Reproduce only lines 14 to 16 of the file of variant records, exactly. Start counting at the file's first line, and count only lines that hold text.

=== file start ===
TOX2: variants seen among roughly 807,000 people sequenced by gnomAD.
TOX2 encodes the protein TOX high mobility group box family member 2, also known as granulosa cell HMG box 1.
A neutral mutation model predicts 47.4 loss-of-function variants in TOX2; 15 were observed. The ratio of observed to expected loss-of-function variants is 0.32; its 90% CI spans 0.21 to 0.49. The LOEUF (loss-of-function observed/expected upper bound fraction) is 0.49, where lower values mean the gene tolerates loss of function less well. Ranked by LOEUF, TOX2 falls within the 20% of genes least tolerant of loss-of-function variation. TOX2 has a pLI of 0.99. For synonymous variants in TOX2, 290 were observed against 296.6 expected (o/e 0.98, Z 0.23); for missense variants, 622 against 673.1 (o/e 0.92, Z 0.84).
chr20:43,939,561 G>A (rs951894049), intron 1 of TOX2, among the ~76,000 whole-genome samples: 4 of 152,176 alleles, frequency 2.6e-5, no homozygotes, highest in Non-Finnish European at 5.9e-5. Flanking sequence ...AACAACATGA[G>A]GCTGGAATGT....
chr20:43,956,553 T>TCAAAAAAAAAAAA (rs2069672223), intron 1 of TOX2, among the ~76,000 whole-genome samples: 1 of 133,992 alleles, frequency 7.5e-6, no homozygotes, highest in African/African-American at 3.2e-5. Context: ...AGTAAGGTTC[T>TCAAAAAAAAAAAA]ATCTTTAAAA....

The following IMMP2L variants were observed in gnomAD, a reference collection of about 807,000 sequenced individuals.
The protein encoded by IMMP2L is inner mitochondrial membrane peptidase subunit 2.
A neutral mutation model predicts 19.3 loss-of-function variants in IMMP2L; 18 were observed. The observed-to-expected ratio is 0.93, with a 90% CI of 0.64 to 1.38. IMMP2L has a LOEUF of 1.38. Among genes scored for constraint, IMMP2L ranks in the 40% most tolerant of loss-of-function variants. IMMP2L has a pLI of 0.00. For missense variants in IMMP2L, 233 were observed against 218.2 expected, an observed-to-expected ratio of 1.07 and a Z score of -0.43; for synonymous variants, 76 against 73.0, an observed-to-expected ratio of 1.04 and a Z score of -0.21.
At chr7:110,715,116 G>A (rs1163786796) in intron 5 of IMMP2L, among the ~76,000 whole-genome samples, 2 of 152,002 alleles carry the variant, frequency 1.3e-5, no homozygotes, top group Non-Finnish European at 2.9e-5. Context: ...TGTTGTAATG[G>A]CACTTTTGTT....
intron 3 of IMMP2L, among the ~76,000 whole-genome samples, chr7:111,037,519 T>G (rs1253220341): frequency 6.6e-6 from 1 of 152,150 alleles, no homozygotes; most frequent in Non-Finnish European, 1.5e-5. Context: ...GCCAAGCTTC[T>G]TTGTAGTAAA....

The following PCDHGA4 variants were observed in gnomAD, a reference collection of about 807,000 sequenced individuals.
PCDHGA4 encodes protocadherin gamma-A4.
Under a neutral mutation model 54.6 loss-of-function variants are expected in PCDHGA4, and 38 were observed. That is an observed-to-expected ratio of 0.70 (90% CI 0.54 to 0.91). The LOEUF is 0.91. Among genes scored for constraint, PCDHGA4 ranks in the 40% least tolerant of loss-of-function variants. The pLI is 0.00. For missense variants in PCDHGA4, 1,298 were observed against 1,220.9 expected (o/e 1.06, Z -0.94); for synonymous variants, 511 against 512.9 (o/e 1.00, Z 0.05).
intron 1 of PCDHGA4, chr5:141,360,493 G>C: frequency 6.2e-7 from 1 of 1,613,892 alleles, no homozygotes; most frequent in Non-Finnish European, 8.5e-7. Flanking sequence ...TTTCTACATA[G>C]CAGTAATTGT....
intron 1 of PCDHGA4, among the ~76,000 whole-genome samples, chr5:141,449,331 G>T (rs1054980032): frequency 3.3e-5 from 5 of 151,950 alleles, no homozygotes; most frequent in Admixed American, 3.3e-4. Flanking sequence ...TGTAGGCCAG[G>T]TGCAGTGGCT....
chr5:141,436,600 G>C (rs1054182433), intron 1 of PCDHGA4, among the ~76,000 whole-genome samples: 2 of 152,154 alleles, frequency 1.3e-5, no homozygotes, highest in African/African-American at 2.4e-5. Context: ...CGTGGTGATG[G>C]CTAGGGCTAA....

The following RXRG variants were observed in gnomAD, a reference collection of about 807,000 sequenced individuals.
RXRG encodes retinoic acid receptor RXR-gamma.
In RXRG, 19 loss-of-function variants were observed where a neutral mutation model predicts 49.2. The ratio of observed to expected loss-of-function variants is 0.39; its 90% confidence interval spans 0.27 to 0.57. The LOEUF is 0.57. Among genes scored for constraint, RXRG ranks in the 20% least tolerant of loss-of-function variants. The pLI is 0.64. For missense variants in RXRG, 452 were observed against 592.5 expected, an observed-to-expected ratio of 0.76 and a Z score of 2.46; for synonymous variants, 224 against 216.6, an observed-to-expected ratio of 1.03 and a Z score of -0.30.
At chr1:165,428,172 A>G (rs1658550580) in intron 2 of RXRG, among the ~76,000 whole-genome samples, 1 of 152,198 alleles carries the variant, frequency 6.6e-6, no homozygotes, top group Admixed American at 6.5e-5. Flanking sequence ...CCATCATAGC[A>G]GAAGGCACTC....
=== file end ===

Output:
intron 1 of PCDHGA4, chr5:141,360,493 G>C: frequency 6.2e-7 from 1 of 1,613,892 alleles, no homozygotes; most frequent in Non-Finnish European, 8.5e-7. Flanking sequence ...TTTCTACATA[G>C]CAGTAATTGT....
intron 1 of PCDHGA4, among the ~76,000 whole-genome samples, chr5:141,449,331 G>T (rs1054980032): frequency 3.3e-5 from 5 of 151,950 alleles, no homozygotes; most frequent in Admixed American, 3.3e-4. Flanking sequence ...TGTAGGCCAG[G>T]TGCAGTGGCT....
chr5:141,436,600 G>C (rs1054182433), intron 1 of PCDHGA4, among the ~76,000 whole-genome samples: 2 of 152,154 alleles, frequency 1.3e-5, no homozygotes, highest in African/African-American at 2.4e-5. Context: ...CGTGGTGATG[G>C]CTAGGGCTAA....